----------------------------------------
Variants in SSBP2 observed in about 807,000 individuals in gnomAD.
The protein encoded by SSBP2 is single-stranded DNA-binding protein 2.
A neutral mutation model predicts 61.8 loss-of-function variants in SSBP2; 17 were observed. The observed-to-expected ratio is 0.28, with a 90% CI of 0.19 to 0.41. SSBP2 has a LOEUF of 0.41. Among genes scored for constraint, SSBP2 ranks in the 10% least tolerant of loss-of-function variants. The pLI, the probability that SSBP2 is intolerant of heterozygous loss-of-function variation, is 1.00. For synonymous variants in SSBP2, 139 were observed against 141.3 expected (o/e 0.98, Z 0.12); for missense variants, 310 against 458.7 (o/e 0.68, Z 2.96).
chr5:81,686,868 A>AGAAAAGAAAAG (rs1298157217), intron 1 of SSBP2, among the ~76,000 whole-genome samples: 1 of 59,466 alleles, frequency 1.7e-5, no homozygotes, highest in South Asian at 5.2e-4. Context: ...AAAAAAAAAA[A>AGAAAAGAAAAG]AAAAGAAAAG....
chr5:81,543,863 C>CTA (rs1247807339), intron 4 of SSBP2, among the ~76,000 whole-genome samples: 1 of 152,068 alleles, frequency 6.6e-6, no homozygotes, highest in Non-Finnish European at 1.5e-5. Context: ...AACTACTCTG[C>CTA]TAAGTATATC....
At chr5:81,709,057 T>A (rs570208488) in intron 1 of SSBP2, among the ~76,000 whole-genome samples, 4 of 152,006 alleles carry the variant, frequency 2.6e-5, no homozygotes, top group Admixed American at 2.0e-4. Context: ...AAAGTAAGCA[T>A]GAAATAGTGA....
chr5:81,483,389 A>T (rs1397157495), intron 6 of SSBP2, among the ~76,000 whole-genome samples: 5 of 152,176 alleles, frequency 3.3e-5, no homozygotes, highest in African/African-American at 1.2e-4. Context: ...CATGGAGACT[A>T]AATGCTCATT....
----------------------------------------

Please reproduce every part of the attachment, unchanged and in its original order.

Variants in SSBP2 observed in about 807,000 individuals in gnomAD.
The protein encoded by SSBP2 is single-stranded DNA-binding protein 2.
A neutral mutation model predicts 61.8 loss-of-function variants in SSBP2; 17 were observed. The observed-to-expected ratio is 0.28, with a 90% CI of 0.19 to 0.41. SSBP2 has a LOEUF of 0.41. Among genes scored for constraint, SSBP2 ranks in the 10% least tolerant of loss-of-function variants. The pLI, the probability that SSBP2 is intolerant of heterozygous loss-of-function variation, is 1.00. For synonymous variants in SSBP2, 139 were observed against 141.3 expected (o/e 0.98, Z 0.12); for missense variants, 310 against 458.7 (o/e 0.68, Z 2.96).
chr5:81,686,868 A>AGAAAAGAAAAG (rs1298157217), intron 1 of SSBP2, among the ~76,000 whole-genome samples: 1 of 59,466 alleles, frequency 1.7e-5, no homozygotes, highest in South Asian at 5.2e-4. Context: ...AAAAAAAAAA[A>AGAAAAGAAAAG]AAAAGAAAAG....
chr5:81,543,863 C>CTA (rs1247807339), intron 4 of SSBP2, among the ~76,000 whole-genome samples: 1 of 152,068 alleles, frequency 6.6e-6, no homozygotes, highest in Non-Finnish European at 1.5e-5. Context: ...AACTACTCTG[C>CTA]TAAGTATATC....
At chr5:81,709,057 T>A (rs570208488) in intron 1 of SSBP2, among the ~76,000 whole-genome samples, 4 of 152,006 alleles carry the variant, frequency 2.6e-5, no homozygotes, top group Admixed American at 2.0e-4. Context: ...AAAGTAAGCA[T>A]GAAATAGTGA....
chr5:81,483,389 A>T (rs1397157495), intron 6 of SSBP2, among the ~76,000 whole-genome samples: 5 of 152,176 alleles, frequency 3.3e-5, no homozygotes, highest in African/African-American at 1.2e-4. Context: ...CATGGAGACT[A>T]AATGCTCATT....